One of the things that makes Bali so attractive is that it is not a particularly developed place. This makes it unique, but it also comes with particular issues related to infrastructure that can be problematic when on vacation with small children. The two that really worked against us on this trip were the limited roads and (possibly) food sanitation. The distance between the airport and the resort was 60 miles, but on Bali’s roads, that’s a 3-hour drive (longer than the flight!). Which is a long time to be in a car with small kids, particularly once the road becomes a single lane winding its way through the mountains. A person is liable to get car sick, which is what my son did about 30-minutes out from the resort on the way there. And it’s not super-easy to just pull over and handle something like that, though our drivers did an AMAZING job.

The above is an annoyance. Food sanitation is more than that. Given that the hotel was so remote, we had one food option— the hotel restaurant. Which was very tasty and did an all-around good job. But in the early morning of our last full day, we awoke to our son having to run to the bathroom. That afternoon, my wife did similarly. Early the next morning, with the prospect of a 3-hour drive back to the airport in front of us, my daughter began vomiting every 15 minutes for a few hours. Somehow, I managed to escape the problem until we were back in Singapore for 24 hours, at which point I went down, too. I can’t conclusively say that what ran through us was food poisoning. My other family members were eating a lot of chicken, and I ate less of it, more toward the end of our time at the hotel. It may have been something viral, or something else related to the essentially-impossible nature of keeping conditions sanitary in a developing tropical locale during the rainy season. And really, I don’t blame the resort, or Bali more broadly. It’s just that when your entire family is in the throes of digestive illness, and you’ve placed yourself 3 hours away from anything even remotely approximating the standard of medical care that you are used to, you tend to reexamine the choices that put you there.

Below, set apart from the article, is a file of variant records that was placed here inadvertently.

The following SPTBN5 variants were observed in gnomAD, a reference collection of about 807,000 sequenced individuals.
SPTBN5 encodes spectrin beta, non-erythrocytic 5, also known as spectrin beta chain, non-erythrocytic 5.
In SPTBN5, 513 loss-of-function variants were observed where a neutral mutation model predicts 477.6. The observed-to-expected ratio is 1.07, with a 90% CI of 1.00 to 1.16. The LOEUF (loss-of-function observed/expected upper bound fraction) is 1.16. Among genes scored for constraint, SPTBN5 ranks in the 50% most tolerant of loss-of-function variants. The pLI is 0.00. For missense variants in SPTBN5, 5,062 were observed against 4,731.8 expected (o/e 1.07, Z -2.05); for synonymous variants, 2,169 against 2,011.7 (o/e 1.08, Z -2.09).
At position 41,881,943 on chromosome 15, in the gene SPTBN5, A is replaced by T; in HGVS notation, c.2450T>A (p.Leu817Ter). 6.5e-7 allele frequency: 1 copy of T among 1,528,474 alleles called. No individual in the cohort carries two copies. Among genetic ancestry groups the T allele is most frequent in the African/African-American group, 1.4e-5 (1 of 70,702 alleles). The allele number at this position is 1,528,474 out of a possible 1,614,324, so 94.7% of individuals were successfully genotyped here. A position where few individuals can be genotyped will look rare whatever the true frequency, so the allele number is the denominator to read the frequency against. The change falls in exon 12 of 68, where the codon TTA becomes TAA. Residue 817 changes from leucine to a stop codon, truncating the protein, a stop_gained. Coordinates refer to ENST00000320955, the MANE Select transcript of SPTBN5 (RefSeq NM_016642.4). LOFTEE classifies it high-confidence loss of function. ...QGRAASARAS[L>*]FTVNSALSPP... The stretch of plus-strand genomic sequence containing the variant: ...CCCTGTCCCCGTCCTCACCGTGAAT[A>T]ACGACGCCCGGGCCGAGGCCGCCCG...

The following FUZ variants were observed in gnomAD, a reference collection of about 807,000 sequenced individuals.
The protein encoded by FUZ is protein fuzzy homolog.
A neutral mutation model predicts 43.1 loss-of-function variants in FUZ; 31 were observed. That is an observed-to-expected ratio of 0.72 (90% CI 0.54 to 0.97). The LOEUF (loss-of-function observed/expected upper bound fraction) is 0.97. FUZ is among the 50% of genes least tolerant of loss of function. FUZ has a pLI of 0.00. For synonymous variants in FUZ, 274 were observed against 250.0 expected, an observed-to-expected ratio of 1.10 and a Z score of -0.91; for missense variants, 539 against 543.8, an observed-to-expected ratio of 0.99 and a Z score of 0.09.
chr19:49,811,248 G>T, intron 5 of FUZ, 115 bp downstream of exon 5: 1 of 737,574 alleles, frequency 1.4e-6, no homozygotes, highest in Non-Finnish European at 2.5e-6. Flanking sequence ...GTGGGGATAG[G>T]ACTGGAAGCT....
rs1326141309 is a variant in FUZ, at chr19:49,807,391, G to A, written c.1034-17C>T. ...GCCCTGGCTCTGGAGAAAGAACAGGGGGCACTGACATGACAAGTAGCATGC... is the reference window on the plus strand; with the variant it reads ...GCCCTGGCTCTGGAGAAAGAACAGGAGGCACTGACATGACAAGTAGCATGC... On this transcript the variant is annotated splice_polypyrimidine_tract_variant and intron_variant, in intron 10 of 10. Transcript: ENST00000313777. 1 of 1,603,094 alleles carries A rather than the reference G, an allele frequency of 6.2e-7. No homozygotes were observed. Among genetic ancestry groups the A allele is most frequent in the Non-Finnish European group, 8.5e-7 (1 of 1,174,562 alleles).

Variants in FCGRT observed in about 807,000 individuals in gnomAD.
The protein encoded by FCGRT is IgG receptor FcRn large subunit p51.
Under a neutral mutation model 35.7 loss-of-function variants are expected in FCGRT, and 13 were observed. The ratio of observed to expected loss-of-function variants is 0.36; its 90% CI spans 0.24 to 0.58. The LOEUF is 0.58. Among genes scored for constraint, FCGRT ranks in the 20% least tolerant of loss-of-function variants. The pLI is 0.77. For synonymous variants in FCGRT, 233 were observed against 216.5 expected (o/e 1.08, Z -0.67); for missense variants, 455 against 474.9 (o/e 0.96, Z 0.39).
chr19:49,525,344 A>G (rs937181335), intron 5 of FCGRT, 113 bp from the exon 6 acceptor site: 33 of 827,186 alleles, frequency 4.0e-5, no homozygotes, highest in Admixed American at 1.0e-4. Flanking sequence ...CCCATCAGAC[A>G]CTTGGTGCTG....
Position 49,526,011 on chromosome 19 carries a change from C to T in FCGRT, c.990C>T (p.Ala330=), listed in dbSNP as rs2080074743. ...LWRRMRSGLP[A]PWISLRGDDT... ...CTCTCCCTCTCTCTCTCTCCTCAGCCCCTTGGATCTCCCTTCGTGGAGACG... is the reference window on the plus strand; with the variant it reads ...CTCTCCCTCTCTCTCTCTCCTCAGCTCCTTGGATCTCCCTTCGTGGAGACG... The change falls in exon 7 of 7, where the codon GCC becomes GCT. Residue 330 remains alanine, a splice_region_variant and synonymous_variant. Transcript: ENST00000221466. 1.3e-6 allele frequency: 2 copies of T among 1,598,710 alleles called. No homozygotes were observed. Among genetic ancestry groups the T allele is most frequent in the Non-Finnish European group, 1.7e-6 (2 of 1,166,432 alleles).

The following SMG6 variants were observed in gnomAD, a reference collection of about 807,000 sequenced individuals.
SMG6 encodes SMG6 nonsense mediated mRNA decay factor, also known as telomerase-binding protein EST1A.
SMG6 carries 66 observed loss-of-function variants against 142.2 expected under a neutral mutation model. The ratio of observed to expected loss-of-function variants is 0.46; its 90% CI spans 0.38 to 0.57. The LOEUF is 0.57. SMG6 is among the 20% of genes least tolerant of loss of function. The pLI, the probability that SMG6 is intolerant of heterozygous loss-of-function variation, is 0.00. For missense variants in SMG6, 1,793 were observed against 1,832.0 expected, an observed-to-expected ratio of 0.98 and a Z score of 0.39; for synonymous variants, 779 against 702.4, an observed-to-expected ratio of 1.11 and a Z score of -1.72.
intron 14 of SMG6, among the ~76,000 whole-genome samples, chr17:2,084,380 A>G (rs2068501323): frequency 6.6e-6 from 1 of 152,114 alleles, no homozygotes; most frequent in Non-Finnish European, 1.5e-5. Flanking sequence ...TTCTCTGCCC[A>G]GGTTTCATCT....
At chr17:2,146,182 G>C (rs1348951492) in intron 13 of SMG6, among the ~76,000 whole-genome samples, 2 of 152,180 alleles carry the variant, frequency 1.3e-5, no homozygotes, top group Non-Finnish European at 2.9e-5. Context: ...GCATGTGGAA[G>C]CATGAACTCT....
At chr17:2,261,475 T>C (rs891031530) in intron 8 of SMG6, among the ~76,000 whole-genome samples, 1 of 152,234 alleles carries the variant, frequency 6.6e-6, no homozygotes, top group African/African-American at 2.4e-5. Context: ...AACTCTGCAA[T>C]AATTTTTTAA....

So what did we learn from our first attempt to See The World? The main lesson for me is that the world is not always easy to see, particularly when you have small kids in tow. When vacationing with kids, you need to understand that certain things are going to need to be available. This includes kid-friendly grounds, stuff to do, and decent proximity to population centers in case of unforeseen occurences (gastrointestinal or otherwise). I'm sure that none of this is anything other than obvious to many readers, but it still took us this trip to learn it. The idea that you’ll go to a tropical island and get away from it all is very romantic, but at this stage in our life, it’s not very realistic. There will be occasion for that down the road. For the time being, we’ll stick more closely to bigger hotels and more populous spots.